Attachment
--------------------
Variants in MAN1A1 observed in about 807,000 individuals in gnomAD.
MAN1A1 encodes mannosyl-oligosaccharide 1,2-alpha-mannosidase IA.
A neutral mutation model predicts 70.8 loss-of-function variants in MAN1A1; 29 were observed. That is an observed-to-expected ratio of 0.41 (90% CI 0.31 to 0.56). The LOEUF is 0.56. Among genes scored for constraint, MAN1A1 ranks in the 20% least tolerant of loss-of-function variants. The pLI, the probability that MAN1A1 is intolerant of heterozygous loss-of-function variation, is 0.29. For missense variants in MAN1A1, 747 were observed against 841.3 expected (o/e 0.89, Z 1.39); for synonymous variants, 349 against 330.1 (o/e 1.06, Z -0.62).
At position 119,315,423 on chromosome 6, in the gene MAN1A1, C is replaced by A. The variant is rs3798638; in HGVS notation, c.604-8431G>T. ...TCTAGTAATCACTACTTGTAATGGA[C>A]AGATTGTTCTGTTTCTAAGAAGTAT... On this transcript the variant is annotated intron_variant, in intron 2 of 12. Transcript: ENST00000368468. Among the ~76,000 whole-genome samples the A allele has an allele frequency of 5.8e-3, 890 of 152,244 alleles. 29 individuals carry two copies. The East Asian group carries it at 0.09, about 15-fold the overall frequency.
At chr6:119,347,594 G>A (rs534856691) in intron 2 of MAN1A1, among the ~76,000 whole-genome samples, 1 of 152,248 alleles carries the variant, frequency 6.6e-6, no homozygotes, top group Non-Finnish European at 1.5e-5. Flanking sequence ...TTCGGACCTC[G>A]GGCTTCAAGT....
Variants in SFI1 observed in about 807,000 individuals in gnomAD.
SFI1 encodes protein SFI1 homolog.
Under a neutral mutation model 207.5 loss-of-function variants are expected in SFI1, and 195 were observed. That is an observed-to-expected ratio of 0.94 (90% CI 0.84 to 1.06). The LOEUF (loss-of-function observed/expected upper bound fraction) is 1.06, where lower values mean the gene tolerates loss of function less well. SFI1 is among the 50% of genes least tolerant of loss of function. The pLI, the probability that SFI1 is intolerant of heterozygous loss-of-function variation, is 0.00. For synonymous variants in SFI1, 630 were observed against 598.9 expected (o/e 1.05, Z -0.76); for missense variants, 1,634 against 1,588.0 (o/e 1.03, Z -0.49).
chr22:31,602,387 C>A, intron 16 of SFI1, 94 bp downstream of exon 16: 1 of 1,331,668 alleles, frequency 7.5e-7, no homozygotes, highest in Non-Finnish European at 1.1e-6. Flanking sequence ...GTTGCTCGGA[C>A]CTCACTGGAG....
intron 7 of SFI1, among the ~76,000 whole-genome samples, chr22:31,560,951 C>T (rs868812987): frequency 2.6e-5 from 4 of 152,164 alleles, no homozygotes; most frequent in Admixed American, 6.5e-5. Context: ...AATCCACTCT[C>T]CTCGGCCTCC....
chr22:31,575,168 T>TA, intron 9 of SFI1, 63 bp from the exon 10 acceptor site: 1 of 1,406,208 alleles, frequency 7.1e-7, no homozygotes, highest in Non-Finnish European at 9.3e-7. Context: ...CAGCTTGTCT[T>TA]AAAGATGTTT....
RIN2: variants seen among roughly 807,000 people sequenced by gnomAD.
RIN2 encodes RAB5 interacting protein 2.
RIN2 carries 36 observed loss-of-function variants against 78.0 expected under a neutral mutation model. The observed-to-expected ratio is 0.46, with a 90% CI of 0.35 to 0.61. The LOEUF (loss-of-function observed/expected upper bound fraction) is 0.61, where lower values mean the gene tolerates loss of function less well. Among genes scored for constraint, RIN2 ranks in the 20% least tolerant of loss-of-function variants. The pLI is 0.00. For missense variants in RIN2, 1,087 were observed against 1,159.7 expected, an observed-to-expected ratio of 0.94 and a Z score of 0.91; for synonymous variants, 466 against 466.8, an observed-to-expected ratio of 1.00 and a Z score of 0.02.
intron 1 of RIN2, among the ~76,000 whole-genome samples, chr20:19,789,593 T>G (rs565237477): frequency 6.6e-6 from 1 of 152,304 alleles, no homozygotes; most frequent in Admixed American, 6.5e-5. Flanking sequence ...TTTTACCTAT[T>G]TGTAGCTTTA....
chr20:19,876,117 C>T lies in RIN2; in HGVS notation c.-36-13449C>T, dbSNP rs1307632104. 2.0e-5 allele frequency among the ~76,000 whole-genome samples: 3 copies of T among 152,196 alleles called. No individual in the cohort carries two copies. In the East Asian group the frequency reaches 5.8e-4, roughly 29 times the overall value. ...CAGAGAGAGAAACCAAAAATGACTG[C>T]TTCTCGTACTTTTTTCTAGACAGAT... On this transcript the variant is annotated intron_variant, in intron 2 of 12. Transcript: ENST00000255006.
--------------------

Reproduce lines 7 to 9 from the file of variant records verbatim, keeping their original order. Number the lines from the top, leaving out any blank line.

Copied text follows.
SFI1 encodes protein SFI1 homolog.
Under a neutral mutation model 207.5 loss-of-function variants are expected in SFI1, and 195 were observed. That is an observed-to-expected ratio of 0.94 (90% CI 0.84 to 1.06). The LOEUF (loss-of-function observed/expected upper bound fraction) is 1.06, where lower values mean the gene tolerates loss of function less well. SFI1 is among the 50% of genes least tolerant of loss of function. The pLI, the probability that SFI1 is intolerant of heterozygous loss-of-function variation, is 0.00. For synonymous variants in SFI1, 630 were observed against 598.9 expected (o/e 1.05, Z -0.76); for missense variants, 1,634 against 1,588.0 (o/e 1.03, Z -0.49).
chr22:31,602,387 C>A, intron 16 of SFI1, 94 bp downstream of exon 16: 1 of 1,331,668 alleles, frequency 7.5e-7, no homozygotes, highest in Non-Finnish European at 1.1e-6. Flanking sequence ...GTTGCTCGGA[C>A]CTCACTGGAG....